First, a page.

Successful Negotiation Starts with Tactical Empathy
Emotion is typically not discussed in business, especially the negative and “woo-woo” ones. This is unfortunate because all human beings feel emotions and most decisions are made based on those emotions. Right now, there are so many big changes happening in the world that many of the people you work with are overwhelmed by worry, anxiety, and anger. And, many project professionals are working from home, where emotions are “allowed”. When overwhelmed by these emotions, they can’t think or act professionally.
As the person responsible for delivering the project, you need a sure-fire way to get the team reengaged and refocused on the work. The old way of requesting status just won’t work anymore. You need to lead with empathy and concern, but you can’t stop there or you will become overwhelmed by the same emotions. What you need is tactical empathy.
Coined by Chris Voss in his book “Never Split the Difference”, tactical empathy is simply understanding the other person’s mindset and feelings and then identifying what is driving those feelings so you can move them. Tactical empathy is not agreeing with them, not feeling compassion for them, but recognizing who they are and what they are feeling so you can communicate your message AND get agreement.
The premise behind tactical empathy is this. No meaningful dialogue takes place until trust is built and that can’t happen until the old brain no longer perceives a threat. Your discovery of their motivating emotion is critical to reaching agreement.
When you master Tactical Empathy, it will become the go-to tool in your Project management toolbox. It will allow you to build trust and cooperation because,
- When people are feeling threat — real or imagined — they can’t think logically and rationally. Remember the Amygdala?
- No meaningful dialogue takes place until trust is built and that can’t happen until the old brain no longer perceives a threat. Our discovery of their motivating emotion is critical to reaching agreement.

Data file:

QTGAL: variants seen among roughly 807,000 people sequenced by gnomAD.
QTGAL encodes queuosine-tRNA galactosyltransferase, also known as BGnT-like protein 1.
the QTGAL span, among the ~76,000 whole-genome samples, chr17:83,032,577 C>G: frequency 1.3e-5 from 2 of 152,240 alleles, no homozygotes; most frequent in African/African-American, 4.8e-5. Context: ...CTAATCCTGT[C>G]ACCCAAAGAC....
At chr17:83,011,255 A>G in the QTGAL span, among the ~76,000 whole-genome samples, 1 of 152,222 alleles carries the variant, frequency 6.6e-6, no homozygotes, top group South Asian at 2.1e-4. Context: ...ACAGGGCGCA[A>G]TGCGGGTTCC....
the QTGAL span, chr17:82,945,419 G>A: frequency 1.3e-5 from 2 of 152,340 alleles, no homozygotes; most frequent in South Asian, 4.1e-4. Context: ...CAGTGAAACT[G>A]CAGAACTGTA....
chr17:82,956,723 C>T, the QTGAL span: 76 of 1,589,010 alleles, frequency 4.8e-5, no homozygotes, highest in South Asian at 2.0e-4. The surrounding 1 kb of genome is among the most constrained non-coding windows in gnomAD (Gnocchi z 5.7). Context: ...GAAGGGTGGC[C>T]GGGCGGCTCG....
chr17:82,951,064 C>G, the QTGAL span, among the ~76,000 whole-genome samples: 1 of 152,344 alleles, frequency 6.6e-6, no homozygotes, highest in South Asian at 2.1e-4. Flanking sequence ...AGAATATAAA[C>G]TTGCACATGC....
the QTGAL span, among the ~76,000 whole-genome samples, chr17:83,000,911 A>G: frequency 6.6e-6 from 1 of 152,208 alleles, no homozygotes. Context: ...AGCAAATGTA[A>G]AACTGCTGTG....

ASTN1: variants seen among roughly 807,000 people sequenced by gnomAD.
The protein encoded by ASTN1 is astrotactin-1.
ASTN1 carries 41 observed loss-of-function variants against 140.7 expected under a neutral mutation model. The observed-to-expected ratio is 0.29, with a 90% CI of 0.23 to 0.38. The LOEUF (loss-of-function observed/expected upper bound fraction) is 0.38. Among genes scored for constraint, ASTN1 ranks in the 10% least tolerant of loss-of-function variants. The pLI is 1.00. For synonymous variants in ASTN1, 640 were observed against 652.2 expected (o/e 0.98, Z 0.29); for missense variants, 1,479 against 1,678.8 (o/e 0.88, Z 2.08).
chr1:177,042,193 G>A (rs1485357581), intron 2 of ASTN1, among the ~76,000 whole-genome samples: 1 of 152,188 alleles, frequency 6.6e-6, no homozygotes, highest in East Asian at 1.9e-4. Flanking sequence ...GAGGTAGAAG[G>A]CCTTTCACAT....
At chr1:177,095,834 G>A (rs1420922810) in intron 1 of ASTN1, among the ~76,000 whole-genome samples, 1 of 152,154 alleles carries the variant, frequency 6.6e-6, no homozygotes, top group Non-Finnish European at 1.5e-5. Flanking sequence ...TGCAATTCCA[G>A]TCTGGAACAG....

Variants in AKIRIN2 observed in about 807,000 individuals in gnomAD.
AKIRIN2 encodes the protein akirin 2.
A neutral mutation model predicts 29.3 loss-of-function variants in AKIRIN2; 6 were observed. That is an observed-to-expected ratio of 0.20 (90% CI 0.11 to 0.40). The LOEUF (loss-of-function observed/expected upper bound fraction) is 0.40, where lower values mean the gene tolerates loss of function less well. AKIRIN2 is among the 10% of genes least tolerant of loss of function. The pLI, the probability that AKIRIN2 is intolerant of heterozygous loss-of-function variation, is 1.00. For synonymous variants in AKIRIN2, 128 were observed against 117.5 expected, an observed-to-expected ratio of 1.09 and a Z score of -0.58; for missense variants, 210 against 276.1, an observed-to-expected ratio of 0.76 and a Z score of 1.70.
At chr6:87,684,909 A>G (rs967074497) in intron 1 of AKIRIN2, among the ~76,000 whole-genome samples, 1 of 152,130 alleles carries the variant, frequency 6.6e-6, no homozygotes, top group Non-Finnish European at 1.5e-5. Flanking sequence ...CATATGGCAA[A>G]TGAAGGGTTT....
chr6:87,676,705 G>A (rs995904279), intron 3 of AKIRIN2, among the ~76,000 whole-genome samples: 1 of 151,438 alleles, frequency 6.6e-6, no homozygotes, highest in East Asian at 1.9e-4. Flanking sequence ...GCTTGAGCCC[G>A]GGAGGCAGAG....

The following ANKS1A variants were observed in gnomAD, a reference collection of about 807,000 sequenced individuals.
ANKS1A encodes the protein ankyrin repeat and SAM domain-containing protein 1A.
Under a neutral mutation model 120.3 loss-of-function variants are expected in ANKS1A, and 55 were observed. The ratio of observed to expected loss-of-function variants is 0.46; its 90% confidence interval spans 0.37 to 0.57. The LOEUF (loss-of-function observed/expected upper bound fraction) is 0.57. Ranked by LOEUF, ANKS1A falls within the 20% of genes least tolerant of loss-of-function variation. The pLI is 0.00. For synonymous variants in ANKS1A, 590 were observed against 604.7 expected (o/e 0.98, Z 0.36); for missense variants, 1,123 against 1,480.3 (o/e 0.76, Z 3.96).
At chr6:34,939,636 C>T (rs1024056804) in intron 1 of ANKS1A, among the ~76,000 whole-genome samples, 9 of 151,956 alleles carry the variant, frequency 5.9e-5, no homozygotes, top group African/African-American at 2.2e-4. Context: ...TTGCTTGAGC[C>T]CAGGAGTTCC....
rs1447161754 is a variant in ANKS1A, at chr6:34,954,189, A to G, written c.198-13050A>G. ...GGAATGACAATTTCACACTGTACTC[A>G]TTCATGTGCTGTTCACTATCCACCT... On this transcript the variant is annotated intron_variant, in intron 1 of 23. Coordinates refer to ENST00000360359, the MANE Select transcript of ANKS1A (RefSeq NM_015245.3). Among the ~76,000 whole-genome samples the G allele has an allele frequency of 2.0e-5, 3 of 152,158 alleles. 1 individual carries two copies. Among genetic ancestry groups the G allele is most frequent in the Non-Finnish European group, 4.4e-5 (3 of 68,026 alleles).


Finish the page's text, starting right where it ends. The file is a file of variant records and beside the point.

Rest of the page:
Tactical Empathy requires the following:
- Knowing specifically what you want – the outcome you expect from the communication.
- Managing your own emotional state. See The Truth about Workplace Stress.
- Discovering the emotional state of the other person without getting hooked.
- Building trust and coming to agreement.
The way you employ your voice, labels, and mirrors all contribute to tactical empathy.
Learning Tactical Empathy
When you use tactical empathy you identify the other person’s emotions, label them, and then discuss them calmly without judgement. It is paying attention, getting them to talk about how they feel, and validating them.
Here is how Labeling is done, step by step:
- Detect their emotional state. Ask questions and pay attention to their body language and other cues to figure out how they are feeling.
- Label it out loud. When you identify what they are feeling, label it. Say it out loud and do it without the using the word “I”. Start with a neutral statement like “It seems like…” “It sounds like…” “It looks like….” This usually gets them to respond with more than a “yes” or “no” and provide reasons why they feel this way. If they disagree with your label, respond with something like, “I didn’t say that was what it was. I just said it seems like that.”
When the negative emotions are labeled, it softens the emotional state because it loosens the amygdala’s grip on the perceived threat. When you identify the driving emotions, it has a major shift on mindset and behavior.